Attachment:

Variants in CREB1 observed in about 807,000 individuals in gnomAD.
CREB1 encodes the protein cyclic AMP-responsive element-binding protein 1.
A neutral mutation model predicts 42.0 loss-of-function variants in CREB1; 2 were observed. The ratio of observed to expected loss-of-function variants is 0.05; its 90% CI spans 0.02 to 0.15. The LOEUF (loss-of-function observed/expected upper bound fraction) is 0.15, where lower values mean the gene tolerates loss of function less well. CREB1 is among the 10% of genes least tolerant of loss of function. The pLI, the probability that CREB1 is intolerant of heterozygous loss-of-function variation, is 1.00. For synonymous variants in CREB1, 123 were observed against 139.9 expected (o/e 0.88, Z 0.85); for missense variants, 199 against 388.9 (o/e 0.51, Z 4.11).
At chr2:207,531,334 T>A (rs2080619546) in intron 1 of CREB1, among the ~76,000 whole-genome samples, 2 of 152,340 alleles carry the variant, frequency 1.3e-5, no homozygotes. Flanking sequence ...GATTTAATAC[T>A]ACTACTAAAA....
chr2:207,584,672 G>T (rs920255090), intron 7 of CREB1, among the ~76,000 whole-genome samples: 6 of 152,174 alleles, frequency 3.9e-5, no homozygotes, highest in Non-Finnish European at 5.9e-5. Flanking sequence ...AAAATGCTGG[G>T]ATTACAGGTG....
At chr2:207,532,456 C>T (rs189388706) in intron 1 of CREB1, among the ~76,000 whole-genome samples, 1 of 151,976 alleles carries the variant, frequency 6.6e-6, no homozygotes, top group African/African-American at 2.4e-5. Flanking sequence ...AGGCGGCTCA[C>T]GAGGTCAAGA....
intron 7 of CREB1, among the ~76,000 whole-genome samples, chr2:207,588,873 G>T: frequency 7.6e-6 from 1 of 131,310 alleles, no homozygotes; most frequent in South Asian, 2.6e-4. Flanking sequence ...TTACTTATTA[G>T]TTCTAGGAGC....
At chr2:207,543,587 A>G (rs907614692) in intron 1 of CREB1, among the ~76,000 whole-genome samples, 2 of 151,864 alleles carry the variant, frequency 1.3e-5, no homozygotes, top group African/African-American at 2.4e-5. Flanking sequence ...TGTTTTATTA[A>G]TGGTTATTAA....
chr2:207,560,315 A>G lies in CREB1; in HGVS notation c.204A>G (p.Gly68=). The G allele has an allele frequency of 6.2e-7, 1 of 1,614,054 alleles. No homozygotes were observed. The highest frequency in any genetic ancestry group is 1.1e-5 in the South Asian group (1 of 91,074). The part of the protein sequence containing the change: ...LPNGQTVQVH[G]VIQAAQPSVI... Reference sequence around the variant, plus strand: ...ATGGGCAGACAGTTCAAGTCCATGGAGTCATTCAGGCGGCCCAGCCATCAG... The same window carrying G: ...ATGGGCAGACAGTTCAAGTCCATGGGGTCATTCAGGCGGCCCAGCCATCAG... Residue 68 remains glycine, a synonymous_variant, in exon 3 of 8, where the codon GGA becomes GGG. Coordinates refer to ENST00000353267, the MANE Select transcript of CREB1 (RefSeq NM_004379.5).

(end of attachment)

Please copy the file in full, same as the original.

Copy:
Variants in CREB1 observed in about 807,000 individuals in gnomAD.
CREB1 encodes the protein cyclic AMP-responsive element-binding protein 1.
A neutral mutation model predicts 42.0 loss-of-function variants in CREB1; 2 were observed. The ratio of observed to expected loss-of-function variants is 0.05; its 90% CI spans 0.02 to 0.15. The LOEUF (loss-of-function observed/expected upper bound fraction) is 0.15, where lower values mean the gene tolerates loss of function less well. CREB1 is among the 10% of genes least tolerant of loss of function. The pLI, the probability that CREB1 is intolerant of heterozygous loss-of-function variation, is 1.00. For synonymous variants in CREB1, 123 were observed against 139.9 expected (o/e 0.88, Z 0.85); for missense variants, 199 against 388.9 (o/e 0.51, Z 4.11).
At chr2:207,531,334 T>A (rs2080619546) in intron 1 of CREB1, among the ~76,000 whole-genome samples, 2 of 152,340 alleles carry the variant, frequency 1.3e-5, no homozygotes. Flanking sequence ...GATTTAATAC[T>A]ACTACTAAAA....
chr2:207,584,672 G>T (rs920255090), intron 7 of CREB1, among the ~76,000 whole-genome samples: 6 of 152,174 alleles, frequency 3.9e-5, no homozygotes, highest in Non-Finnish European at 5.9e-5. Flanking sequence ...AAAATGCTGG[G>T]ATTACAGGTG....
At chr2:207,532,456 C>T (rs189388706) in intron 1 of CREB1, among the ~76,000 whole-genome samples, 1 of 151,976 alleles carries the variant, frequency 6.6e-6, no homozygotes, top group African/African-American at 2.4e-5. Flanking sequence ...AGGCGGCTCA[C>T]GAGGTCAAGA....
intron 7 of CREB1, among the ~76,000 whole-genome samples, chr2:207,588,873 G>T: frequency 7.6e-6 from 1 of 131,310 alleles, no homozygotes; most frequent in South Asian, 2.6e-4. Flanking sequence ...TTACTTATTA[G>T]TTCTAGGAGC....
At chr2:207,543,587 A>G (rs907614692) in intron 1 of CREB1, among the ~76,000 whole-genome samples, 2 of 151,864 alleles carry the variant, frequency 1.3e-5, no homozygotes, top group African/African-American at 2.4e-5. Flanking sequence ...TGTTTTATTA[A>G]TGGTTATTAA....
chr2:207,560,315 A>G lies in CREB1; in HGVS notation c.204A>G (p.Gly68=). The G allele has an allele frequency of 6.2e-7, 1 of 1,614,054 alleles. No homozygotes were observed. The highest frequency in any genetic ancestry group is 1.1e-5 in the South Asian group (1 of 91,074). The part of the protein sequence containing the change: ...LPNGQTVQVH[G]VIQAAQPSVI... Reference sequence around the variant, plus strand: ...ATGGGCAGACAGTTCAAGTCCATGGAGTCATTCAGGCGGCCCAGCCATCAG... The same window carrying G: ...ATGGGCAGACAGTTCAAGTCCATGGGGTCATTCAGGCGGCCCAGCCATCAG... Residue 68 remains glycine, a synonymous_variant, in exon 3 of 8, where the codon GGA becomes GGG. Coordinates refer to ENST00000353267, the MANE Select transcript of CREB1 (RefSeq NM_004379.5).